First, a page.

Leigh Rivers. Bar Stools. January 19th , 2018.
6. Finish and Fabric- What You Need To Know. Wood Bar Stools: Wood bar stools are typically offered in a few stains or painted colors. Look for chip-resistant finishes and/or stains which are sealed to protect the wood as well as the underlying finish. Look for metal protectors on the foot-rest as any painted or finished wood subject to the wear and tear of peoples feet will wear through over time. Many manufacturers intentionally distress their finishes to provide a used or worn look. Some more expensive wood bar stools feature rich, multi-step finishes that can be custom matched to you particular needs.
Chairs have been around since the early days of civilization. The ancient Egyptians fashioned richly ornamented chairs out of ebony, ivory, and carved or gilded wood. The Romans and Greeks used the same chairs as the Egyptians. In fact, there was little change on the structure of the chair until the year 1749, when a new type of chair called the stool was made. The invention of the stool is credited to a Swiss woman named Maria Schitonstool. Maria was a pathological gambler. As with other habitual gamblers, Maria had severe problems managing her money. To deal with her cash problems, Maria would often sell her furniture. There were times when Maria would not have enough money to buy wood to keep her house warm during winter. In one cold night in 1749, Maria scavenged for wooden furniture to keep her fire going. There was none left except her bed and chairs. Instead of throwing all her chairs to the fire, Maria just sawed off the back of her chairs and accidentally invented the stool. Soon her neighbors followed Marias example and made stools out of their chairs. Then stools evolved and became fashionable.
Once restricted to the local public house in the United Kingdom and Ireland and to the imitators in North America, 30 and 24 bar stools are now common place household furniture. Not only have these stools entered into the residential furniture market but they have broken out of a centuries old mold. For centuries bar stools seemed to be of uniform size and material. Times have changed. For literally centuries, stools found in bars were 30 inches in height. Of course, the height was specifically engineered so that a person could comfortably belly up to the bar and consume much ale. The stools were generally constructed from oak or another hardwood. The stools were firmly balanced upon 4 legs that were each attached to the underside of the stool seat a few inches towards the centre from each corner. As you can imagine, having a sturdy base of support was an important element in early bar furniture.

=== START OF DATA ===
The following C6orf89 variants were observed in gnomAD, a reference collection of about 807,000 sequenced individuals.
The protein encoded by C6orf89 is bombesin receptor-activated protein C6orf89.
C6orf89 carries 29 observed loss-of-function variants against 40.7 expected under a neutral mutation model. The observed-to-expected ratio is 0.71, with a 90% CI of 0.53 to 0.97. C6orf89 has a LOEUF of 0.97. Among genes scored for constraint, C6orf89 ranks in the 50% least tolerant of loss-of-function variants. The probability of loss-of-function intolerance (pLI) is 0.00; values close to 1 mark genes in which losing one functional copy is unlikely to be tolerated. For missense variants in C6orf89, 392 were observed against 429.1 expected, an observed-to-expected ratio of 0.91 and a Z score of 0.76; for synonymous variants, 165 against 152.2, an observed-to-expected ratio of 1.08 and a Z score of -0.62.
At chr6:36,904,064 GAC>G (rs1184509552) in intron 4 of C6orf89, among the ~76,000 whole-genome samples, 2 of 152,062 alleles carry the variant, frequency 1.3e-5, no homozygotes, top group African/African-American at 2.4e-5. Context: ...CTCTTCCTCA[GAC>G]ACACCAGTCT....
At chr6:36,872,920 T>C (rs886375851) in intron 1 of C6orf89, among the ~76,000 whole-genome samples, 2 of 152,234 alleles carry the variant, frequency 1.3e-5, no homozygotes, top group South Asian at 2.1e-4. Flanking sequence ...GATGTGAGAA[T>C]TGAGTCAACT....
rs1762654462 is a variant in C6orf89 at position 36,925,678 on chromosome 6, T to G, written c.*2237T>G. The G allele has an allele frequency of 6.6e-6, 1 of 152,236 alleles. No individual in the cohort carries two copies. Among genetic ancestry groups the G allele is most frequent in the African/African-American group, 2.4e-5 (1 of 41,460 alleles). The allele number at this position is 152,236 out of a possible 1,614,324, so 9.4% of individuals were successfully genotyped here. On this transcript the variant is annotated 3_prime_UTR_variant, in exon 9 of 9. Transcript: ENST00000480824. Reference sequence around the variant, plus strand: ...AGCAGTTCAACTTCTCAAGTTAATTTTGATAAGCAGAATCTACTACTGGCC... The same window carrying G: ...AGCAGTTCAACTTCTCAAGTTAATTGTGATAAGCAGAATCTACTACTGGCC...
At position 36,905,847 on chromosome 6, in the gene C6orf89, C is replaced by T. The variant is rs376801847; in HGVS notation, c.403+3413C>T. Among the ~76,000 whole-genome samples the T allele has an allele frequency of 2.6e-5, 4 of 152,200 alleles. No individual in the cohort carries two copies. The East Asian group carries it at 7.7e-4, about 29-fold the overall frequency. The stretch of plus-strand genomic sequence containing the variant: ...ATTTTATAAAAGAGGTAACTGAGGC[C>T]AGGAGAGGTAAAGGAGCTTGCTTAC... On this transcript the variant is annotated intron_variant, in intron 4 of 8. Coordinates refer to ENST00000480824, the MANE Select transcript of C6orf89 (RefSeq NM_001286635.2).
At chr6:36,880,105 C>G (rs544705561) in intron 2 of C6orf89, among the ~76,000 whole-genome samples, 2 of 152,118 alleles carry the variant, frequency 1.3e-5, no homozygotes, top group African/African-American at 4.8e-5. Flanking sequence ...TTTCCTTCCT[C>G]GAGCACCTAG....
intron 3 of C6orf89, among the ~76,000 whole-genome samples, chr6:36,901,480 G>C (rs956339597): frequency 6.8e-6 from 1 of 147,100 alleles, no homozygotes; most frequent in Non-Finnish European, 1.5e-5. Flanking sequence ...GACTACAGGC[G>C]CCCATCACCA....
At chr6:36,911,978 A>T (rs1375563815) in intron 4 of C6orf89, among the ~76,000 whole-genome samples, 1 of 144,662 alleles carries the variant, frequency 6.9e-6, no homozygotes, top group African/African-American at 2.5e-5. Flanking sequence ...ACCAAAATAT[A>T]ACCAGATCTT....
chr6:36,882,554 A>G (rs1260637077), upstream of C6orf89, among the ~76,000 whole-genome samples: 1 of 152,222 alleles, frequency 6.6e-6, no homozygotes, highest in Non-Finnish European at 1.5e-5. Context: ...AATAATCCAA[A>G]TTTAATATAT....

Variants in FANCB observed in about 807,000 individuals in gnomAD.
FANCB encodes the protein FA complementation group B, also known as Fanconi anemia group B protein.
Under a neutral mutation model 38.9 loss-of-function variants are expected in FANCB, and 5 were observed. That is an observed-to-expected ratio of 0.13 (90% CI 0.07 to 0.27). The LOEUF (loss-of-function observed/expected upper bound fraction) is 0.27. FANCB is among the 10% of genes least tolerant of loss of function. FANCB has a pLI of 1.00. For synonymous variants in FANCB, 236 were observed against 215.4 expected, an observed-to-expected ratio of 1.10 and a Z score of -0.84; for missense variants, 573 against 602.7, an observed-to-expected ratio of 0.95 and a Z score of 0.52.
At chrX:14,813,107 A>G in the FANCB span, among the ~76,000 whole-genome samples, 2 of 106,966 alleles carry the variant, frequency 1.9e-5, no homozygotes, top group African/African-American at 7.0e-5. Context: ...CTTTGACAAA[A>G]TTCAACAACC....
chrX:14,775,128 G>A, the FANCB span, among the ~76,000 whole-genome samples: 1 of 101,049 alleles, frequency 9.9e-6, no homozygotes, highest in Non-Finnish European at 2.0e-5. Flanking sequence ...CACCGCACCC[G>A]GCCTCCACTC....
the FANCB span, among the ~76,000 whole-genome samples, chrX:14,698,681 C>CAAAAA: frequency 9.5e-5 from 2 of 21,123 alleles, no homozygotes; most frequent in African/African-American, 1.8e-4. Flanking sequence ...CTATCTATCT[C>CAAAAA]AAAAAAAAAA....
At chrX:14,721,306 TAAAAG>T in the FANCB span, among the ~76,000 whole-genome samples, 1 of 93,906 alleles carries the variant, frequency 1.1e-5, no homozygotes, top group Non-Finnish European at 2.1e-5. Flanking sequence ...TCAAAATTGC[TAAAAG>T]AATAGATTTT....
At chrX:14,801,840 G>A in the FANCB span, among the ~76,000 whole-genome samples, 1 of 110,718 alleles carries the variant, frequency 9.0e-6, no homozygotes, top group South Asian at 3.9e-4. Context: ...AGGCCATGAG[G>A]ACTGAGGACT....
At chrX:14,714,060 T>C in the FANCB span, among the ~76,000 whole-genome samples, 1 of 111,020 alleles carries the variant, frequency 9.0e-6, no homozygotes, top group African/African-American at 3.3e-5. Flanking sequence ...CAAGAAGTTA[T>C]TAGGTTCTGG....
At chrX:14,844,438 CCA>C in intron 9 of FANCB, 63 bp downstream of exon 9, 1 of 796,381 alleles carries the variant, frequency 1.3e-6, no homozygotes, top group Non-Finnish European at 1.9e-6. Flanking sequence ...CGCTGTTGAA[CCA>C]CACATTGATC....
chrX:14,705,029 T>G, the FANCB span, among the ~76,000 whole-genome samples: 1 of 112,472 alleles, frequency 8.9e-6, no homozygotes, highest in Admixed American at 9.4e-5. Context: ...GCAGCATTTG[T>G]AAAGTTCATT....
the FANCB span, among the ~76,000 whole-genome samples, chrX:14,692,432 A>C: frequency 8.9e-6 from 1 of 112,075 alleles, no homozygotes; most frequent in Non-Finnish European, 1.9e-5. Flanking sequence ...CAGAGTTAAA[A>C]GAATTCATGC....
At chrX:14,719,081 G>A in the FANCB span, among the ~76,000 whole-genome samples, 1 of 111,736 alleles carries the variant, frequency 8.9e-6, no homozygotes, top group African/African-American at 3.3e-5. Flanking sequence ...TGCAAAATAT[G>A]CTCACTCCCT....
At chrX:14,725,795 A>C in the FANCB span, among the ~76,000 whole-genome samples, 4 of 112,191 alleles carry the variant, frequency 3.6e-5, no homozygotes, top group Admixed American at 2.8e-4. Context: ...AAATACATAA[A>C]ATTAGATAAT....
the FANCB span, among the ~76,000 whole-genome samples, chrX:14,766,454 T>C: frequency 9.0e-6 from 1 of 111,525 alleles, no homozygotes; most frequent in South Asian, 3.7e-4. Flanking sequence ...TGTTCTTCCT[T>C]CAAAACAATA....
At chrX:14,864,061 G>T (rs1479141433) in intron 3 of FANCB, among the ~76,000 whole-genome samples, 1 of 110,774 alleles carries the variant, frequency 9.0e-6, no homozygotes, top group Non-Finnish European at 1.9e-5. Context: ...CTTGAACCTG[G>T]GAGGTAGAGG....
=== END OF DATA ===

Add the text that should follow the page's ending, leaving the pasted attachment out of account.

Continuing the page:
What all these stools have in common is that they are made of wood. Back in the times of wild west, metal was not as prevalent as it is today, and the cowboys had to make do with the materials that were more readily accessible, in particular wood. So the cowboys had to master the art of woodworking to create these stools. The other materials the cowboys had available were natural leathers, either coming from caught wild animals, but more commonly from the cows that were slaughtered for their meat. Another thing these western saddle bar or counter stools have in common is that, just like the horse saddles, they never feature a back rest, or the arm rests. Lets look at these three styles of saddle bar/counter stools.
Metal Bar Stools: Metal bar stools are often available in dozens of finishes. Look for a powder-coated and baked on finish. These finishes are by far more chip and scratch resistant than spray painted finishes. In addition to a more durable surface a powder coated finish is much less likely to be damaged by cleaning products than a painted finish. Fabrics: Both wood and metal bar stools may have countless fabrics to choose from. Look for high quality fabrics that complement your homes decor, as well as a fabric that works well with the finish you have selected AND the style of the bar stool. An Antique Tapestry is a beautiful fabric, but NOT on a silver modernized frame! Synthetic suede fabrics are very durable and easy to clean. They simulate the look and feel of suede, but are far more easy to care for than cotton or other natural coverings. Some manufacturers offer the ability to use your own fabric.
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